Belfast Telegraph

Friday 31 October 2014

Police lose football bill appeal

West Yorkshire Police wrongly categorised policing in the area immediately around Elland Road stadium as special police services

West Yorkshire Police have lost their appeal over who should pay for policing of matches at Leeds United's Elland Road stadium.

Last year, the Championship side won a ruling that it was entitled to be repaid by the force for services wrongly categorised as special police services for the seasons 2009 to 2012.

The litigation involves policing in the extended footprint of land immediately around the stadium which is not owned, leased or controlled by the club.

High Court judge Mr Justice Eady said that the services rendered fell within the normal constabulary duty to keep the peace and the club - whose home matches have one of the worst records of football-related violence in the country - should be repaid.

The sum at stake amounts to about £1 million or £350,000 a season - which equates to 17 new police constables.

In the Court of Appeal, the Master of the Rolls Lord Dyson, sitting with Lord Justice Moore-Bick and Lord Justice McCombe, said: "The policing of the extended footprint on match days is provided in order to maintain law and order and protect life and property in a public place.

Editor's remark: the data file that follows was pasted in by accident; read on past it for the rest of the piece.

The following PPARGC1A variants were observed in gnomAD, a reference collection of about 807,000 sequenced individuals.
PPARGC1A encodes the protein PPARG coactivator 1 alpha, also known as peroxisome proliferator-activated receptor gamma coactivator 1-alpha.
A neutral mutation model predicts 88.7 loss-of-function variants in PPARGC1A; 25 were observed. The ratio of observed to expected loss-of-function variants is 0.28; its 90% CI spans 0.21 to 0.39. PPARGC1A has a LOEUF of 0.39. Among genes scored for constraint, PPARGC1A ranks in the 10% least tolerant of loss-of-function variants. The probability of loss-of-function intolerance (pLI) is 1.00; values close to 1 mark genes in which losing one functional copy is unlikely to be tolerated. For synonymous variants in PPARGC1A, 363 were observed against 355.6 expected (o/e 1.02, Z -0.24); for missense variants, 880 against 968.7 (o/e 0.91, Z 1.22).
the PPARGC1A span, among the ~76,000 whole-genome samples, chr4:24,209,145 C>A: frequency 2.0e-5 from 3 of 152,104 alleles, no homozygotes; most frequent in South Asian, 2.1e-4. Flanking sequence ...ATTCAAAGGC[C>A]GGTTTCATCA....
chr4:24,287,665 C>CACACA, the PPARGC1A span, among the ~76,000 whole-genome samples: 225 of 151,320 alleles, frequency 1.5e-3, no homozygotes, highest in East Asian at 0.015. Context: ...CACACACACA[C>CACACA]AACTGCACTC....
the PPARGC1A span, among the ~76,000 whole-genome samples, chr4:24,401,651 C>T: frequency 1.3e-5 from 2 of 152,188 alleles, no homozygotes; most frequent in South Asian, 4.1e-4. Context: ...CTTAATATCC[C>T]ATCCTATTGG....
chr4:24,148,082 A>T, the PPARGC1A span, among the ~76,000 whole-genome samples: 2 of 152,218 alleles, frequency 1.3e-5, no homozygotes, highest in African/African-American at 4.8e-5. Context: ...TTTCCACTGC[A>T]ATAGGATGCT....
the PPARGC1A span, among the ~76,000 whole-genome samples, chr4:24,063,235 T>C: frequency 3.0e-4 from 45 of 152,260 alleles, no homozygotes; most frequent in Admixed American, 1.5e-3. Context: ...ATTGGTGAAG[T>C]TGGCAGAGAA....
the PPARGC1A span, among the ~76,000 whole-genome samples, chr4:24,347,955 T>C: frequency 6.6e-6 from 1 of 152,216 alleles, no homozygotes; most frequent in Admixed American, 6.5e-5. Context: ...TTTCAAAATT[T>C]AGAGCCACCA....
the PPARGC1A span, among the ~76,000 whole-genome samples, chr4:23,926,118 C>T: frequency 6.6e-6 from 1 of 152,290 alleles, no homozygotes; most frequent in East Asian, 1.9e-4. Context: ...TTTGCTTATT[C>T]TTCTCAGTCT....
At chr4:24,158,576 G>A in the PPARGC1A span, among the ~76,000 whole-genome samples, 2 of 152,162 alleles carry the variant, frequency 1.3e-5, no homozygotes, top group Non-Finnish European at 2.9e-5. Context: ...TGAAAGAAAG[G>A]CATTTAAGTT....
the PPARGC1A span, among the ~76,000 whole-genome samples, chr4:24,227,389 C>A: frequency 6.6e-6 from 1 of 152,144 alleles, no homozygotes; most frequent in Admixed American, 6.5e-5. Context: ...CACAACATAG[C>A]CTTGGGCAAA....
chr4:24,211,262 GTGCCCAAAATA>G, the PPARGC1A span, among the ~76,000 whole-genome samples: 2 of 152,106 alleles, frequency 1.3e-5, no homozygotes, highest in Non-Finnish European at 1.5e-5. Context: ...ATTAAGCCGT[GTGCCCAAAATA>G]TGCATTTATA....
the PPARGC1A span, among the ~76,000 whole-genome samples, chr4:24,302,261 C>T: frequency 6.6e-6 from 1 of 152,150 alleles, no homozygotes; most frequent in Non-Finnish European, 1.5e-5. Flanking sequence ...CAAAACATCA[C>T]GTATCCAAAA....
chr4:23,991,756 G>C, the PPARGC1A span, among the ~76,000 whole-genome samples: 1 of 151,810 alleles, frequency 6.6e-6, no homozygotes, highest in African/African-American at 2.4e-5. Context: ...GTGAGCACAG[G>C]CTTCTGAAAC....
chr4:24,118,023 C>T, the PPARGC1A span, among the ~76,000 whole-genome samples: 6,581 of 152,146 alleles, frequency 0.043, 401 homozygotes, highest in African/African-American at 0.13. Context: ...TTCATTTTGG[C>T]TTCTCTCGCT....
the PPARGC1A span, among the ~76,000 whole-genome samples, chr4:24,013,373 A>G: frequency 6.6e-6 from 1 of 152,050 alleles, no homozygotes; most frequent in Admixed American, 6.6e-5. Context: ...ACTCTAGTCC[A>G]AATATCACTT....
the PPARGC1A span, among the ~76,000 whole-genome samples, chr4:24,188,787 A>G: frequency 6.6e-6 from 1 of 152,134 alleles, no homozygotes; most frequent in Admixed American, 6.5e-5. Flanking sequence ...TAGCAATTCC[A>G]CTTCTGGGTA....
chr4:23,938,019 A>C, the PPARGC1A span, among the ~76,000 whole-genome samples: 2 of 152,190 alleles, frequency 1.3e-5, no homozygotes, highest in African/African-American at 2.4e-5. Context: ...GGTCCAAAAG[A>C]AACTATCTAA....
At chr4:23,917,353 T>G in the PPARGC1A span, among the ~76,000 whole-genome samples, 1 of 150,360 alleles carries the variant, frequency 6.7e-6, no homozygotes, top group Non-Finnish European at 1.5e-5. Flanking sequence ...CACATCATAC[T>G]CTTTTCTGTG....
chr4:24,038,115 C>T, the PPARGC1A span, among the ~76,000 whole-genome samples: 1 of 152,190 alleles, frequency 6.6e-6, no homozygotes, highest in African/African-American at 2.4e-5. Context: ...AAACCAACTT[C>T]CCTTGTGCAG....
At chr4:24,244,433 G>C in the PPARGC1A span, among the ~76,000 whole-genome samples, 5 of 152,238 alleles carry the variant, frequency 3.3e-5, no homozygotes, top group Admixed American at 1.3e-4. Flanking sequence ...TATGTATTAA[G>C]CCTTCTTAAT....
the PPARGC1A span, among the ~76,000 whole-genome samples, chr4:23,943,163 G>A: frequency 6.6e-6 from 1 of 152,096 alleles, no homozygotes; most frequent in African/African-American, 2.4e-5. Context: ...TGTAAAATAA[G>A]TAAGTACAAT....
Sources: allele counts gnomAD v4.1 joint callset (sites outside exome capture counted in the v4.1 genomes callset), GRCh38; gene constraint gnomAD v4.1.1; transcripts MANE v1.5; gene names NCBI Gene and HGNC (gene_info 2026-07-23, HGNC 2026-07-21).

"None of the arguments advanced on behalf of West Yorkshire Police persuades me that the law and order services provided by them in the extended footprint are different in principle from the law and order services that they provide in any other public place."

West Yorkshire police and crime commissioner Mark Burns-Williamson said: "The judgment today says that for the time being council tax payers must subsidise the costs of policing football games. However, I feel that with £100 million of cuts to West Yorkshire Police, meaning we are losing 2,000 officers and staff, that this burden is unfair and unreasonable.

"It is a wake up call for the need for clear rules to govern the way businesses involved fairly cover the real costs of directly policing matches.

"I will be working with other police and crime commissioners nationally to lobby the Home Office for legislation to bring to an end the lack of clarity which has existed, and which should never have been the case."

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